Automotive technology is changing – improving – almost as fast as we can tell you about it. Some of it increases vehicles’ “cool factor,” but much of it is making America’s streets and highways much safer. Government safety watchdogs attribute thousands of lives saved to already available technology and anticipate that many more will be saved with what’s under development. Insurance companies like that safety technology reduces damage.
Technology ranges from simple to sexy. A simple idea is inflatable shoulder belts. Ford already offers them on four models and Mercedes is including them on new S-Class sedans. A built-in bladder in the shoulder belt inflates on crash impact, preventing severe injuries sometimes caused in violent collisions by the seatbelts themselves. Another simple idea: GM’s new center-front airbag that protects drivers and front passengers in side-impact collisions.
Bridgestone is developing an airless tire that doesn’t go flat. Drivers don’t need to worry about over- or under-inflation that cause premature wear. Bridgestone’s prototype tire is filled with recyclable thermoplastic spokes instead of air. Meanwhile, Nissan has developed the Easy-Fill Tire Alert to ensure proper tire inflation. It toots the car horn when you’ve filled your tire to the correct air pressure. It debuted on the 2013 Altima.
New headlight technology offers bigger bells and whistles. In the past several years incandescent sealed beams have been replaced by halogen and xenon lights and now, brighter, more energy-efficient LEDs. Mercedes’ new S-Class has more than 375 LEDs but no standard bulbs. In Europe, Audi offers LED “matrix-beam” headlights that use cameras and sensors to direct the vehicle’s numerous LEDs – to dim, brighten, or illuminate around corners – depending on what’s ahead. So far, these advanced headlights are not legal in the U.S. because of a 1968 rule that requires simple high- and low-beam switching.
Several automakers now offer adaptive headlights that swivel and help drivers see around corners. Now researchers at Carnegie-Mellon University are developing a system that will remove the distraction of raindrops or snowflakes in the headlights that interfere with your ability to see what’s ahead. ETA on production is about five years.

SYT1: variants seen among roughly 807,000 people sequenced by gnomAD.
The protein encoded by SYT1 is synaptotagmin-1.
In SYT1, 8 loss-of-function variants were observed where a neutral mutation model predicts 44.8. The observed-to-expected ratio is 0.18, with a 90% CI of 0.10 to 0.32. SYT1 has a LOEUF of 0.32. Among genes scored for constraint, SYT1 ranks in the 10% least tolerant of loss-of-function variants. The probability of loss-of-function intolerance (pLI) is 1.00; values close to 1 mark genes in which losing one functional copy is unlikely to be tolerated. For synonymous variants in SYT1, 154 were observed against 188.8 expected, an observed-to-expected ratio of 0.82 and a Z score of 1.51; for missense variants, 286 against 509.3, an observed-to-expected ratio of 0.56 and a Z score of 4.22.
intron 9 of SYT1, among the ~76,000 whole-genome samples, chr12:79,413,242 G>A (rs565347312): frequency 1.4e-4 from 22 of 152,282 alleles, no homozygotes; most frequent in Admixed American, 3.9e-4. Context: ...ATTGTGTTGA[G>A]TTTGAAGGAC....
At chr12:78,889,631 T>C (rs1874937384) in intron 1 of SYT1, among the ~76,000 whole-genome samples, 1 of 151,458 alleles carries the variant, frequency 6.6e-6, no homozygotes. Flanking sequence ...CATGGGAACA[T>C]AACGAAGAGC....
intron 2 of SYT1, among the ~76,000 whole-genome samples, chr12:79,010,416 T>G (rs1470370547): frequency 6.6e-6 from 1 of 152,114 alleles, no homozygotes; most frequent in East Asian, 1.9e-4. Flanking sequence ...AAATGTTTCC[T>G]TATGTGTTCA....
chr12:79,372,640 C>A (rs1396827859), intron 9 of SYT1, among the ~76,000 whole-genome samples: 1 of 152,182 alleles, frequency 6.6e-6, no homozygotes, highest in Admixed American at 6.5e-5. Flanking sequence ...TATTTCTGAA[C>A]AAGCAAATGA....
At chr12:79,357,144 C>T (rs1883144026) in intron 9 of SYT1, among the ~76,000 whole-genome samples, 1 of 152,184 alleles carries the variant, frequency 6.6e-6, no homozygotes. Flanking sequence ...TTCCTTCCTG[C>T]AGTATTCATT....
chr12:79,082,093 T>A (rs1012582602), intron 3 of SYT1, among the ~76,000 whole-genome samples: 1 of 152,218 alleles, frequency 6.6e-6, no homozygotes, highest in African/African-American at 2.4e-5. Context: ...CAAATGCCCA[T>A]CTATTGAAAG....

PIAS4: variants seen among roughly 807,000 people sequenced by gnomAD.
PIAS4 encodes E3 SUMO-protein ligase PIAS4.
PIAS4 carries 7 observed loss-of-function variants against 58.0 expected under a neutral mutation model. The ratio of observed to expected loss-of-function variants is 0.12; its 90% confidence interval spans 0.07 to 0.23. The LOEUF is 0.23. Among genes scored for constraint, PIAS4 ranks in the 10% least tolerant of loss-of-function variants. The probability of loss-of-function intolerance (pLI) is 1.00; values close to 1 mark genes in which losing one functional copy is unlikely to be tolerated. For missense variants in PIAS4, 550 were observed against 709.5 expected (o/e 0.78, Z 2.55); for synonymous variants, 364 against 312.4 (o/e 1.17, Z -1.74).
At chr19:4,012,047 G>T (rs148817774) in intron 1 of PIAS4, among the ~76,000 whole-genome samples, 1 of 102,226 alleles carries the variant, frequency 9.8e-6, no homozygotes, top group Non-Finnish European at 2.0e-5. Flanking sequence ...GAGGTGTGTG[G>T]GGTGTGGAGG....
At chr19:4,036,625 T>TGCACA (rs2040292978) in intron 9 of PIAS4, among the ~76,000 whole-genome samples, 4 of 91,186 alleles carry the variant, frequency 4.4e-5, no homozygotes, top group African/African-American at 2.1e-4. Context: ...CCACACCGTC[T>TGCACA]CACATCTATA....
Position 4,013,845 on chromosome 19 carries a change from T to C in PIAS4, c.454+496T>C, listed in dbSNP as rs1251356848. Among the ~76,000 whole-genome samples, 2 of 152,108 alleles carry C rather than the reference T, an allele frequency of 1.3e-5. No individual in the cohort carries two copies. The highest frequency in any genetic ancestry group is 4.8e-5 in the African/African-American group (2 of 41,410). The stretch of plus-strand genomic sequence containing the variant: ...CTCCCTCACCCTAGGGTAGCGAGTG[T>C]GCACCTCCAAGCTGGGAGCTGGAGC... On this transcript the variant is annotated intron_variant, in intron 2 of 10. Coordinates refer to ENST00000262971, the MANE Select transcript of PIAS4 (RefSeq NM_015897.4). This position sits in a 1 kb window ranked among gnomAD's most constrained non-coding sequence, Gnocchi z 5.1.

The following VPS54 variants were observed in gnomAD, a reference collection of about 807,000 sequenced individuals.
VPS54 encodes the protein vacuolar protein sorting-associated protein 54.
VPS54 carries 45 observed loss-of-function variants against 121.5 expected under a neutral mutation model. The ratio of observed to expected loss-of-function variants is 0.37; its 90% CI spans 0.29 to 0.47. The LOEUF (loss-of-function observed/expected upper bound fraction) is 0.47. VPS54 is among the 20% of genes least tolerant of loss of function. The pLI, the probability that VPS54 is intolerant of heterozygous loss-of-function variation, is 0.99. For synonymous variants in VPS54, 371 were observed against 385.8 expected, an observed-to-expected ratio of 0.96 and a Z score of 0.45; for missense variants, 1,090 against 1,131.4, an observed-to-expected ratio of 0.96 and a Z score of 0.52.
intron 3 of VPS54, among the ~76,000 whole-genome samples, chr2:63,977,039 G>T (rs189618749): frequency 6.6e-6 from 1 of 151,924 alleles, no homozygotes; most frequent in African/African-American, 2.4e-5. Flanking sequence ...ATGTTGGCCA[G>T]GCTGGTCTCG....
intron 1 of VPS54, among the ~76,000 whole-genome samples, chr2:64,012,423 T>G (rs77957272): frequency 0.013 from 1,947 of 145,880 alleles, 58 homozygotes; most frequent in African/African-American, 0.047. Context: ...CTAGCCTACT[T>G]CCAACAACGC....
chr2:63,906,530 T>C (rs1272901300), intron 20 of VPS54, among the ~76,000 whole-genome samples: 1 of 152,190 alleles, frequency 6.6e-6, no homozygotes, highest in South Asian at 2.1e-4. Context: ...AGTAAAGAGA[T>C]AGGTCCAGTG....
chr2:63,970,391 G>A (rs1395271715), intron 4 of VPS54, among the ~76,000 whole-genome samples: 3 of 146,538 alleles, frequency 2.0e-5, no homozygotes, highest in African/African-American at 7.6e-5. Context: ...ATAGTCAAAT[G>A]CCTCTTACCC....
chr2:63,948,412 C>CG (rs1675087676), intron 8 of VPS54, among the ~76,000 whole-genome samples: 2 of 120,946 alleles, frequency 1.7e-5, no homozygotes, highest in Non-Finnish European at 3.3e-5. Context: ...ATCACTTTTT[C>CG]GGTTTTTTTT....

Cars sensing what drivers can’t see – or sensing faster than drivers can – and acting accordingly, is a major thrust of automotive technology. One option in development is “connected vehicle technology.” It allows vehicles to detect other vehicles around corners where drivers can’t see and take evasive action.
According to government safety data, 4,000 pedestrians died and nearly 70,000 were injured in 2011 after being hit by cars. BMW’s solution is “dynamic spotlight” technology that detects pedestrians via infrared cameras that feed data into the car’s software.
Car cameras are routine already. Many mid-size and even small automobiles have back-up cameras. The government will soon mandate them. But many automakers also offer side-view and even 360o-view camera coverage. Cameras and sensors also are helping tired drivers stay awake and stay in their lanes. By 2015 engineers say we can expect car cameras that will read signs and even traffic light colors and act on the information.
Several models will alert drivers to impending collisions and some either automatically slow or stop the car before a crash happens. According to the Insurance Institute for Highway Safety, these systems are directly affecting insurance claims. The next advance is Traffic Jam Assist, already offered by Volvo, Audi, BMW and Mercedes. It automatically monitors the distance to the car in front and adjusts speed, handling braking and steering accordingly. Cadillac is close to producing a system that will manage these functions at freeway speeds.
One of the best things about accelerating technology development is that prices drop quickly, meaning that what shows up now and in the near future as expensive options on luxury cars likely will be included as standard equipment on mid-range and even entry-level models within just a few years, ultimately making the roads safer for everyone.